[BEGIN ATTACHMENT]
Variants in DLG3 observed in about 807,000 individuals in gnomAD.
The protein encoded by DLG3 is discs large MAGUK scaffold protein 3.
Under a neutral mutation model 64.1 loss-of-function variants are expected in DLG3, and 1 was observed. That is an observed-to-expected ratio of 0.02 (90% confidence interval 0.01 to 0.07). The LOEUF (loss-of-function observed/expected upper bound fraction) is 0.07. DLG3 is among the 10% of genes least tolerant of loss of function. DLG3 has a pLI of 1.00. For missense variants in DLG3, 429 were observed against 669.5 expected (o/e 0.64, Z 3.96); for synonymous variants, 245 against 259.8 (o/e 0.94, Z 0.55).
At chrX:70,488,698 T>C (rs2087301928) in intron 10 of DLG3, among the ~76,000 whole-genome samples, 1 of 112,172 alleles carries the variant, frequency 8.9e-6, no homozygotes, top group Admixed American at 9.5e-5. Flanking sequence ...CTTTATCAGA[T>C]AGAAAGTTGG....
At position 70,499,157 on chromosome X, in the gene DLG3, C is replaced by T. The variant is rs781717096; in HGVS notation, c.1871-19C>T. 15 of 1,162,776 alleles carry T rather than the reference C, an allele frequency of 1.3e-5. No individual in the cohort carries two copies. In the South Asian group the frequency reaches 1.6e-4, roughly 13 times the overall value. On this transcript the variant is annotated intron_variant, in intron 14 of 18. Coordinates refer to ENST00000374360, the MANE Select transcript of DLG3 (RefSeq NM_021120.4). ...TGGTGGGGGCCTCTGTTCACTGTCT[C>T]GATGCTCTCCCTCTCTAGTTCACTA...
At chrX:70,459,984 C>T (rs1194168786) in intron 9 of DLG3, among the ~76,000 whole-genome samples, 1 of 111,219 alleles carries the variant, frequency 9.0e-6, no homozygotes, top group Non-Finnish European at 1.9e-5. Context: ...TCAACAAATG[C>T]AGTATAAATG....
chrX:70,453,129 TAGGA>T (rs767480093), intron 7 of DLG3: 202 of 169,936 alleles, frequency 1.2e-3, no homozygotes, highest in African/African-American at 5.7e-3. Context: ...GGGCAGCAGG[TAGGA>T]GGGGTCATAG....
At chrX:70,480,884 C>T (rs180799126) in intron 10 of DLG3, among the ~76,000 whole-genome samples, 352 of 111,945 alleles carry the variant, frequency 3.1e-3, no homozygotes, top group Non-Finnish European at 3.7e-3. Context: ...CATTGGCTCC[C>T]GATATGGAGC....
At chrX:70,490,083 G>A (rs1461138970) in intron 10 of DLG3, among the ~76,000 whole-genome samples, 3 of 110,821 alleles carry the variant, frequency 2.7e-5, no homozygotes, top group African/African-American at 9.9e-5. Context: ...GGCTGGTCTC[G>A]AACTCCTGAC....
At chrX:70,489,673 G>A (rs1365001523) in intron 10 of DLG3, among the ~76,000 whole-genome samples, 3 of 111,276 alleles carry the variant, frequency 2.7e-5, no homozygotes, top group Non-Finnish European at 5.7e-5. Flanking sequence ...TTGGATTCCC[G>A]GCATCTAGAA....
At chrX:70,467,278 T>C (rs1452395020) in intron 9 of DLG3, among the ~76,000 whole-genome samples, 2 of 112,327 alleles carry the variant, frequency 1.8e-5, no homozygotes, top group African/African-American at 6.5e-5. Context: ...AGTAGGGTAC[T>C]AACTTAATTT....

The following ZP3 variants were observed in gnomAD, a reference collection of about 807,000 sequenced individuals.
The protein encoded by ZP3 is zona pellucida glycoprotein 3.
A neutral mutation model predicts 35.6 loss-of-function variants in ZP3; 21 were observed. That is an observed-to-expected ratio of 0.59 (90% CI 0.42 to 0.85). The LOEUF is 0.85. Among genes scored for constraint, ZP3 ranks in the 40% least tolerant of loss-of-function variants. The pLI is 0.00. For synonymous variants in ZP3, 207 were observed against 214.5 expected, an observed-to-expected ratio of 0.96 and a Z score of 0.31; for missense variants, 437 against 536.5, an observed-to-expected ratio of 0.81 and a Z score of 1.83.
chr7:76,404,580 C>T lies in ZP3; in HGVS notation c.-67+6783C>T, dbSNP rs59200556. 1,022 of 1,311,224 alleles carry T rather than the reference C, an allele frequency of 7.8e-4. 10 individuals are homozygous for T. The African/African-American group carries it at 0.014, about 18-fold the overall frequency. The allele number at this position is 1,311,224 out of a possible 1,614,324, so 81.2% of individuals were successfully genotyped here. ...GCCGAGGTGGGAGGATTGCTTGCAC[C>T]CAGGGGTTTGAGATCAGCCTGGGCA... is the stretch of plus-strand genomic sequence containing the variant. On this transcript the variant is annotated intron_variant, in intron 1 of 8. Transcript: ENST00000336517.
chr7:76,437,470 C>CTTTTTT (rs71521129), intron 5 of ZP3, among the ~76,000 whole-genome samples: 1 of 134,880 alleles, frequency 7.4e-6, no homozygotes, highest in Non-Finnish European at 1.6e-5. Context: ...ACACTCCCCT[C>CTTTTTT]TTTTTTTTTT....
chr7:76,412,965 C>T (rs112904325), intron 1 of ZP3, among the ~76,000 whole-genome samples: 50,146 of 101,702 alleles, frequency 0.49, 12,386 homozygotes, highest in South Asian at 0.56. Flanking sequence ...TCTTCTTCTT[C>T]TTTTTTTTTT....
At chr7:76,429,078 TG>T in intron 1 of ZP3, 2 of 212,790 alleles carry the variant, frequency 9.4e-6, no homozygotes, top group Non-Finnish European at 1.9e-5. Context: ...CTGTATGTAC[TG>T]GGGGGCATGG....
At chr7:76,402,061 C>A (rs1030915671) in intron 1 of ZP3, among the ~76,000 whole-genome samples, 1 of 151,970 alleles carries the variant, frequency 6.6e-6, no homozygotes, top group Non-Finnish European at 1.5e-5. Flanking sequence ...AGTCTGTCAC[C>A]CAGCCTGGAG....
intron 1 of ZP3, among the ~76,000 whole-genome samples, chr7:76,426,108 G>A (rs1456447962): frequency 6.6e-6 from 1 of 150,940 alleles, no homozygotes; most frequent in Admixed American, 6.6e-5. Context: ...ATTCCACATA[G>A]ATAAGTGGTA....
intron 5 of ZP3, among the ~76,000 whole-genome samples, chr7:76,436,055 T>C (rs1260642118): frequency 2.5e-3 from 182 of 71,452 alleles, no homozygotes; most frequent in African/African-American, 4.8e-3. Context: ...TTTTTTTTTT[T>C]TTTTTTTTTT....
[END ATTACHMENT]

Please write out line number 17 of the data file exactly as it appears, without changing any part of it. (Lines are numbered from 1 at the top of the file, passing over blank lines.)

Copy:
chr7:76,412,965 C>T (rs112904325), intron 1 of ZP3, among the ~76,000 whole-genome samples: 50,146 of 101,702 alleles, frequency 0.49, 12,386 homozygotes, highest in South Asian at 0.56. Flanking sequence ...TCTTCTTCTT[C>T]TTTTTTTTTT....